Types of Wood Fuel
Any mention of burning wood conjures up images of a roaring log fire and the humble log fire epitomises the timeless charm of an open fire. Of course things have moved on somewhat and today the open hearth is the exception rather than the rule with cast iron stoves now featuring highly on many home owners’ wish lists. Logs are the simplest form of wood fuel and probably the easiest to obtain. Sources vary from joinery offcuts to orchard cuttings and most well managed woodlands produce logs in an ethical manner. In years gone by some firewood was harvested from coppiced trees but this is now rarely done on a commercial basis. Various tree species produce good logs for fuel but hardwoods are favoured for their burning characteristics. Probably the main disadvantage of burning logs is that suitable covered storage is required to help with the seasoning of the wood.
This is another ancient fuel which has various advantages over simple wood. Charcoal is wood which has had many volatile compounds removed and it also has a very low moisture content. As a result of this it burns very cleanly at a higher temperature than wood but needs a very good supply of air. One of its main uses used to be for smelting iron ore. Today in the developed world charcoal is most widely used as a bbq fuel. There are two distinct types, lump-wood and briquette. The lump-wood type is simply made from pieces of hardwood heated in a retort or in a turf covered natural kiln with air excluded. The briquette on the other hand is made from ground or powdered charcoal mixed with a starch binder and pressed into a mould. Both types have their advantages but the lump-wood is generally more highly regarded.
3. Wood Chips
As the name suggests, this form of wood fuel consists of small pieces of wood of a predetermined size produced by means of a chipper. Many types of automatic feed boilers are designed to use wood in this format and much of the manhandling associated with logs is avoided.
4. Wood Pellets
These are the manmade version of wood chips and, although pellets can be made from any biomass source, sawdust is probably the most common, meaning that this is a product which recycles what is normally regarded as waste. This is the type of fuel normally used in large installations for heating or power generation. Wood pellets are normally delivered by tanker so it is necessary to ensure that a dependable supplier is available locally along with adequate storage facilities.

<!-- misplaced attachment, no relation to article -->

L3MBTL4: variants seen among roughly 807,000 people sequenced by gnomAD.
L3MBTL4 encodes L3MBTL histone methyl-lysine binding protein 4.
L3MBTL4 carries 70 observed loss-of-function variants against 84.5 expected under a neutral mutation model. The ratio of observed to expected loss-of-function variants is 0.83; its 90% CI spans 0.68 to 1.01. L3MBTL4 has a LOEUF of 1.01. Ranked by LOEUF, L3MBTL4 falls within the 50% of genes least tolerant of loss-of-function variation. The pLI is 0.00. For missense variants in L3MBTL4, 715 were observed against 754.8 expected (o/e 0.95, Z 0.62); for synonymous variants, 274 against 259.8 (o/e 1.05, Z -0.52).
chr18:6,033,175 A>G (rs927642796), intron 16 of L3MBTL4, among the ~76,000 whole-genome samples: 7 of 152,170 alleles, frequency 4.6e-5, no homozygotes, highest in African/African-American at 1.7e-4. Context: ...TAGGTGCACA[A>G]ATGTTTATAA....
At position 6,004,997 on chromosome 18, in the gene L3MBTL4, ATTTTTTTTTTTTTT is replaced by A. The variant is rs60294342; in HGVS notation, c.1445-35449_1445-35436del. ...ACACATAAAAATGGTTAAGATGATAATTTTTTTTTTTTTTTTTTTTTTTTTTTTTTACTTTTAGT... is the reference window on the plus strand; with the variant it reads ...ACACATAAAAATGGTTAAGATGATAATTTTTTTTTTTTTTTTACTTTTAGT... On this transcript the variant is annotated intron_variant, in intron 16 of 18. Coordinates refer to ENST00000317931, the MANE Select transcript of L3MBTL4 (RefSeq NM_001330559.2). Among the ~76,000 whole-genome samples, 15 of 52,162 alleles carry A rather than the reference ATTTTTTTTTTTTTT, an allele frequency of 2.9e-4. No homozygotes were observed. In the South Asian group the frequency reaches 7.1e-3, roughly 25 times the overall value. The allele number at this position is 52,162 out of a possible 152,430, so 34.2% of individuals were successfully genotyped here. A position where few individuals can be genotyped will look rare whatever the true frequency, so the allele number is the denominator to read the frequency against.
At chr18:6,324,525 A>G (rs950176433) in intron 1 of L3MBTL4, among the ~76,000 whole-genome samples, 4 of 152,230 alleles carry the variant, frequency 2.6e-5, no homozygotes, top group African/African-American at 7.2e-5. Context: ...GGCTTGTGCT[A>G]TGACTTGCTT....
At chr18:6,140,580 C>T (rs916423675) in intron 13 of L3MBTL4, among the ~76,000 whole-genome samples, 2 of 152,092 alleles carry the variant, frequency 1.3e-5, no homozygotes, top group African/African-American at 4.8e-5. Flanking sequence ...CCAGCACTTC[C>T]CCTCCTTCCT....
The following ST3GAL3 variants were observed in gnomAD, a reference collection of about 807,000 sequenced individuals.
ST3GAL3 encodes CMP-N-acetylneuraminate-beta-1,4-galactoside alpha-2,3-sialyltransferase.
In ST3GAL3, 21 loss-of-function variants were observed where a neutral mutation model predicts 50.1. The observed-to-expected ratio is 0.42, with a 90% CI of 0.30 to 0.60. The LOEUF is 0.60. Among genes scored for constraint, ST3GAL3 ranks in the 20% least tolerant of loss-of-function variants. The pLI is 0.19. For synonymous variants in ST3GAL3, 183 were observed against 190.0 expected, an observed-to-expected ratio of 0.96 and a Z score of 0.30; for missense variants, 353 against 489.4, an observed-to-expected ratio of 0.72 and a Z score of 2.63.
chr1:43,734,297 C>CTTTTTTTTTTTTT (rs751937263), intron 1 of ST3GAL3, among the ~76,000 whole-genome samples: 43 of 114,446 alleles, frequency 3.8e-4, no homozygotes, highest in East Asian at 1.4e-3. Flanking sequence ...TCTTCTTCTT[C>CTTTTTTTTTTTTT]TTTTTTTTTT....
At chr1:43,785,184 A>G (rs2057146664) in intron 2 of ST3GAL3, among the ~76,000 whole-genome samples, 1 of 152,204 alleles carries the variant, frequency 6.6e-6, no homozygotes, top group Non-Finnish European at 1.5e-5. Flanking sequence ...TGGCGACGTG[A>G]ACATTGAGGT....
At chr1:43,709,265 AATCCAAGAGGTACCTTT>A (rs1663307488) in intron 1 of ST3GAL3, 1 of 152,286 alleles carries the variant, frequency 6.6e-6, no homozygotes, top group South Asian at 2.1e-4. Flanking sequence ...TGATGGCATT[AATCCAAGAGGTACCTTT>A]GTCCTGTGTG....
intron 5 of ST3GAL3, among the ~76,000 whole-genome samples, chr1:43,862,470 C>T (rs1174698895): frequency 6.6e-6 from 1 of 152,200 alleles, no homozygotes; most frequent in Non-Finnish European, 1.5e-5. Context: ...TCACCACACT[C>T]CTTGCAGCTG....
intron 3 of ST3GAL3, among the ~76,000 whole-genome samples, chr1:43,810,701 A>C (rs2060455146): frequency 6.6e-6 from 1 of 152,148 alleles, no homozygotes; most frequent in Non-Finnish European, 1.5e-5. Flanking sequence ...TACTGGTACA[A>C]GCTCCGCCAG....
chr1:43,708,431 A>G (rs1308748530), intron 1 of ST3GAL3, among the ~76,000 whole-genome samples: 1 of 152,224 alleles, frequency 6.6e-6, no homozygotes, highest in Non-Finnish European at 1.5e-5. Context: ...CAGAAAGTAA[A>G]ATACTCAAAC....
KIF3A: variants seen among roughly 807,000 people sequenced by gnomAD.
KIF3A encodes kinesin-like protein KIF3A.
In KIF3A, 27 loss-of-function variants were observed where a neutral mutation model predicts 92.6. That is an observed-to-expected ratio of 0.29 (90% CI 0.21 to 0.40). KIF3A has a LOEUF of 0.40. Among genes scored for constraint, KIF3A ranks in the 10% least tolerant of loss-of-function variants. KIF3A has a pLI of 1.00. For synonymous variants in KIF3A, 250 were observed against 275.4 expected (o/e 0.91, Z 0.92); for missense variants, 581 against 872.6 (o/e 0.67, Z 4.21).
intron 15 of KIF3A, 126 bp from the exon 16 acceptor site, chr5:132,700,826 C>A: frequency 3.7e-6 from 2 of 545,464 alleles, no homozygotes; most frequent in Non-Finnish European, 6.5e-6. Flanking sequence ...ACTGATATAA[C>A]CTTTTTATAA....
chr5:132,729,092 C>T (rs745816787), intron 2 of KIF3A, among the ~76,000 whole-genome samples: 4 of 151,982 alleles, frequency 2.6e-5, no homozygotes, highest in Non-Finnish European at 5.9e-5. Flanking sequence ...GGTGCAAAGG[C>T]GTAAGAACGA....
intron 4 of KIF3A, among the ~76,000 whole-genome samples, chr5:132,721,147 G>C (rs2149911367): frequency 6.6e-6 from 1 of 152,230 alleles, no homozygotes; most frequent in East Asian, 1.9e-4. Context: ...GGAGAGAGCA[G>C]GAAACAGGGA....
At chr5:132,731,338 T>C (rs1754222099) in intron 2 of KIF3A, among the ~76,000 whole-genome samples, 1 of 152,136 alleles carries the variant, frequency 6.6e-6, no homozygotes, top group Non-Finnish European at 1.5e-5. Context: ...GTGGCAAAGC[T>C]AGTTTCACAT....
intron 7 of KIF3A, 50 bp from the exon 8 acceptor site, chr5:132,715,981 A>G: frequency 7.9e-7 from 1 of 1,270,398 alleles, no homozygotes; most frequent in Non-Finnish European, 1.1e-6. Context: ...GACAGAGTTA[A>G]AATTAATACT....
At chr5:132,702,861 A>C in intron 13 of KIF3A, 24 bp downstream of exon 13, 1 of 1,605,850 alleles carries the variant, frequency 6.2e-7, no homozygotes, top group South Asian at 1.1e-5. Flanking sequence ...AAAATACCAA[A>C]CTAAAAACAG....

5. Wood Briquettes
Wood briquettes are the larger version of wood pellets and are intended to take the place of conventional logs. Although these heat logs lack the aesthetic appeal of real logs, they have a number of benefits including; they don’t spit, they have low ash residue and low water content, they are easy to light and store because of their uniform shape and they burn well and consistently.
Whatever type of wood fuel is chosen, it usually generates a feel-good factor as the user feels closer to nature and environmentally responsible. Unfortunately in many cases this is simply a myth. It is true that wood is generally regarded as being carbon neutral as the carbon dioxide emitted when it is burnt can be no more than it has absorbed in the tree’s lifetime but forests must be managed so as to maintain or increase the number of trees at the site. The best way to check that wood fuel comes from an ethically managed source is to check for the FSC (Forestry Stewardship Council) certification which is usually indicated by the FSC Tick-Tree logo. There are many reasons why people opt for wood fuel and businesses which produce wood waste are often able to put this to good use and of course those involved in forestry may enjoy an ample supply of logs but many simply feel that wood is sustainable and its price is less volatile than other fuels. It is not always the cheapest option however so careful pricing should always be carried out before considering any major installations.